Need Tech Support? Call in the Grandkids! The Real Benefits of Technology for Aging Parents

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If your aging parents are a bit leery about using today’s technology, call in the grandchildren. Even the youngest ones seem to intuit how to use smart phones and tablets, search for and download apps, and have mastered the Internet.  And they no doubt can show their grandparents how to use a fitness tracker or play brain-training games, too.

In fact, the grandchildren may be key to engaging your aging parents with the array of technological gadgets that can help them stay mentally and physically active, and keep in touch with friends and family so that they stay socially connected, even if they live alone.

A mid-2014 survey by Pew Research Center reinforced the important role the grandchildren can play. In that survey, only 18 percent of seniors felt they were able to learn to use new technology on their own while 77 percent wanted someone to walk them through and show them what to do. Call in the grandchildren! That’s something they can do.

That same survey showed that 77 percent of seniors had cell phones, but only 18 percent had smartphones—a figure that reportedly has risen considerably since then. The Pew 2014 survey also reported that six of 10 seniors go online, and that those users tended to be more affluent, better educated, and healthier than non-users.

The Pew findings, even slightly out of date, suggest that getting many of the seniors who could benefit most from the wave of new technology aimed at helping them “age in place” may be an uphill struggle, but one worth making.

With that in mind, cell phone and smartphone makers have come up with ways to make the devices easier to use, with larger buttons to make keypads easier to see and operate, picture/photo keys so seniors with memory problems can push the picture to connect if they can’t remember a number, and even with voice activated dialing.

A Blend of Old and New

Technology, both old and new, that aging seniors can use to improve their health and well-being seems to fall into several categories: physical fitness, mental fitness, overall health, and socialization.

When it comes to taking care of themselves, your aging parents need to be reminded about the wisdom of that time-honored saying “Use it or Lose it.” Literally, the more they age, the more their well-being depends on remaining active, both physically and mentally, and this includes socialization and being with other people, as well as moving the body and challenging the mind.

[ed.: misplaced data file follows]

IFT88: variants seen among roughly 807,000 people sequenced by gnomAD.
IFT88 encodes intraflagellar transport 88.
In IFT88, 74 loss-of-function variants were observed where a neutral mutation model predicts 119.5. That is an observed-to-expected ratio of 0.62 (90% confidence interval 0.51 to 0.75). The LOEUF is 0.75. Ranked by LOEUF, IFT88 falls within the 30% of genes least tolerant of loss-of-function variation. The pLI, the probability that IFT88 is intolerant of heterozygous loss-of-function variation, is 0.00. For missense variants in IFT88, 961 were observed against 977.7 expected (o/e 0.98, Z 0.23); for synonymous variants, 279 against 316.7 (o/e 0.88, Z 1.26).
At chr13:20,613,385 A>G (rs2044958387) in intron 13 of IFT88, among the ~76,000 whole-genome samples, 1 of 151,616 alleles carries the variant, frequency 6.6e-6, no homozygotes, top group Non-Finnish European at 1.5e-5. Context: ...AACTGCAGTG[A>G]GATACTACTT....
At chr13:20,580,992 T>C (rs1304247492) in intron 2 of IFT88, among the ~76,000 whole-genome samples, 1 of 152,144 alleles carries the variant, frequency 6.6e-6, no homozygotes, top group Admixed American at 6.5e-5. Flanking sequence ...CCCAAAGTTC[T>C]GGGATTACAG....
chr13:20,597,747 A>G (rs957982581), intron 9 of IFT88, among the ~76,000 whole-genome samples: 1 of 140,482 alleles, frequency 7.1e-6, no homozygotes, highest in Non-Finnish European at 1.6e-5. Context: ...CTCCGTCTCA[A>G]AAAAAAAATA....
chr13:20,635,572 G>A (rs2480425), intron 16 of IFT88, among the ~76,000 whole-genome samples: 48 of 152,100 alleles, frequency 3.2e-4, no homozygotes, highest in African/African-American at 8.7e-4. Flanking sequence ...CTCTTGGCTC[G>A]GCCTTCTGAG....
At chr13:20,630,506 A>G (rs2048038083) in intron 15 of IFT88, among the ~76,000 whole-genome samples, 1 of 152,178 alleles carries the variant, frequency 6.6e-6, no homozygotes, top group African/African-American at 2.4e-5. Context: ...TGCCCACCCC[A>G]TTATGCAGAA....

Admittedly, not all of the technology that seniors can and do use qualifies as new. Audio books, CDs, DVDs, and e-readers have been around for years. The Pew survey found that 27 percent of seniors (defined as 65 and older) were tablet or ebook users. Video and CD offerings, such as Great Courses and foreign language courses, are popular with seniors, as are classes offered by many schools and local groups, many of them designed for a senior audience.

Keep Seniors Moving

Smartphone users must have discovered the growing number of apps aimed at exercise and physical fitness, and then been overwhelmed by the prospect of deciding which are worthwhile. Several sites provide some guidance, but there are plenty more apps on various sites, and you can also find videos and TV shows that provide seniors with a doable, age appropriate exercise regimen.

One key to fitness and mobility is to keep seniors moving, and a fitness tracker may offer the incentive and challenge needed to accomplish that. An online search for fitness trackers will show what’s available, what they do and what they cost. Anything that keeps track of how much you move challenges seniors, but tracking sleep and eating patterns can make seniors aware of how they are doing those health and well-being essentials as well. In addition to tracking movement and sleep, most fitness trackers can be set to remind when the wearer has been inactive—i.e. sitting—too long and should get up and move.